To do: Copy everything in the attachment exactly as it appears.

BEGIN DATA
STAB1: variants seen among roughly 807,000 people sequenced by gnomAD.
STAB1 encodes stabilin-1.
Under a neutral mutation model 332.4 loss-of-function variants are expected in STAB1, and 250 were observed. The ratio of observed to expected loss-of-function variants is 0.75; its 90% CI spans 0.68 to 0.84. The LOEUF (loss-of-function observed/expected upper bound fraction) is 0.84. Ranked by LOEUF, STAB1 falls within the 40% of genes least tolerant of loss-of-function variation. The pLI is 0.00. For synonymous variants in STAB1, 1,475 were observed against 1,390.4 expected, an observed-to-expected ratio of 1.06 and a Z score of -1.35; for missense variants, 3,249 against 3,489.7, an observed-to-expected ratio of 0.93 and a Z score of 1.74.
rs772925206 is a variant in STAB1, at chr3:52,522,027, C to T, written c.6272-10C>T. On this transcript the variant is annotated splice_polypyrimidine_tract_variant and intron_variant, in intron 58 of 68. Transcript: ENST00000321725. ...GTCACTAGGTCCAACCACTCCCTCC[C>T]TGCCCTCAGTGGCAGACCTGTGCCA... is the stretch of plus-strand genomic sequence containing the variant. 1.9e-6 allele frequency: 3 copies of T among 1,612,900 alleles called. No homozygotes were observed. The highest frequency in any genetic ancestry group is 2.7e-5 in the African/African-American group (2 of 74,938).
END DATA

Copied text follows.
STAB1: variants seen among roughly 807,000 people sequenced by gnomAD.
STAB1 encodes stabilin-1.
Under a neutral mutation model 332.4 loss-of-function variants are expected in STAB1, and 250 were observed. The ratio of observed to expected loss-of-function variants is 0.75; its 90% CI spans 0.68 to 0.84. The LOEUF (loss-of-function observed/expected upper bound fraction) is 0.84. Ranked by LOEUF, STAB1 falls within the 40% of genes least tolerant of loss-of-function variation. The pLI is 0.00. For synonymous variants in STAB1, 1,475 were observed against 1,390.4 expected, an observed-to-expected ratio of 1.06 and a Z score of -1.35; for missense variants, 3,249 against 3,489.7, an observed-to-expected ratio of 0.93 and a Z score of 1.74.
rs772925206 is a variant in STAB1, at chr3:52,522,027, C to T, written c.6272-10C>T. On this transcript the variant is annotated splice_polypyrimidine_tract_variant and intron_variant, in intron 58 of 68. Transcript: ENST00000321725. ...GTCACTAGGTCCAACCACTCCCTCC[C>T]TGCCCTCAGTGGCAGACCTGTGCCA... is the stretch of plus-strand genomic sequence containing the variant. 1.9e-6 allele frequency: 3 copies of T among 1,612,900 alleles called. No homozygotes were observed. The highest frequency in any genetic ancestry group is 2.7e-5 in the African/African-American group (2 of 74,938).